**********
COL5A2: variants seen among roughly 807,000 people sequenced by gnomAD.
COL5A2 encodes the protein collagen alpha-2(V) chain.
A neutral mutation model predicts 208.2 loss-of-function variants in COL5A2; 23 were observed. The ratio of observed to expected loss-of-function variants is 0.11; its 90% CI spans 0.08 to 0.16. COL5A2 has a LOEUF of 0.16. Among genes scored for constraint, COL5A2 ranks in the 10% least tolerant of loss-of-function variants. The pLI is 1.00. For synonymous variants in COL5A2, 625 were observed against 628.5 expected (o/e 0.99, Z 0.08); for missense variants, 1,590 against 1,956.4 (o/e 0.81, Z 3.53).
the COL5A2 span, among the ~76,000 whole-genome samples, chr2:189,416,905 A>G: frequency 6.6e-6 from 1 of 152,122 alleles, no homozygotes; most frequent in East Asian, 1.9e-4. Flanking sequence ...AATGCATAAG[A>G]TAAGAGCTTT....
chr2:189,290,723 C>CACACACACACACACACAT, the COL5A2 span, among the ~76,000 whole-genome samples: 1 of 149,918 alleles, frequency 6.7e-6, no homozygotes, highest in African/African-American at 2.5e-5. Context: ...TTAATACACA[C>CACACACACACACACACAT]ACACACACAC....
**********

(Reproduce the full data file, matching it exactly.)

COL5A2: variants seen among roughly 807,000 people sequenced by gnomAD.
COL5A2 encodes the protein collagen alpha-2(V) chain.
A neutral mutation model predicts 208.2 loss-of-function variants in COL5A2; 23 were observed. The ratio of observed to expected loss-of-function variants is 0.11; its 90% CI spans 0.08 to 0.16. COL5A2 has a LOEUF of 0.16. Among genes scored for constraint, COL5A2 ranks in the 10% least tolerant of loss-of-function variants. The pLI is 1.00. For synonymous variants in COL5A2, 625 were observed against 628.5 expected (o/e 0.99, Z 0.08); for missense variants, 1,590 against 1,956.4 (o/e 0.81, Z 3.53).
the COL5A2 span, among the ~76,000 whole-genome samples, chr2:189,416,905 A>G: frequency 6.6e-6 from 1 of 152,122 alleles, no homozygotes; most frequent in East Asian, 1.9e-4. Flanking sequence ...AATGCATAAG[A>G]TAAGAGCTTT....
chr2:189,290,723 C>CACACACACACACACACAT, the COL5A2 span, among the ~76,000 whole-genome samples: 1 of 149,918 alleles, frequency 6.7e-6, no homozygotes, highest in African/African-American at 2.5e-5. Context: ...TTAATACACA[C>CACACACACACACACACAT]ACACACACAC....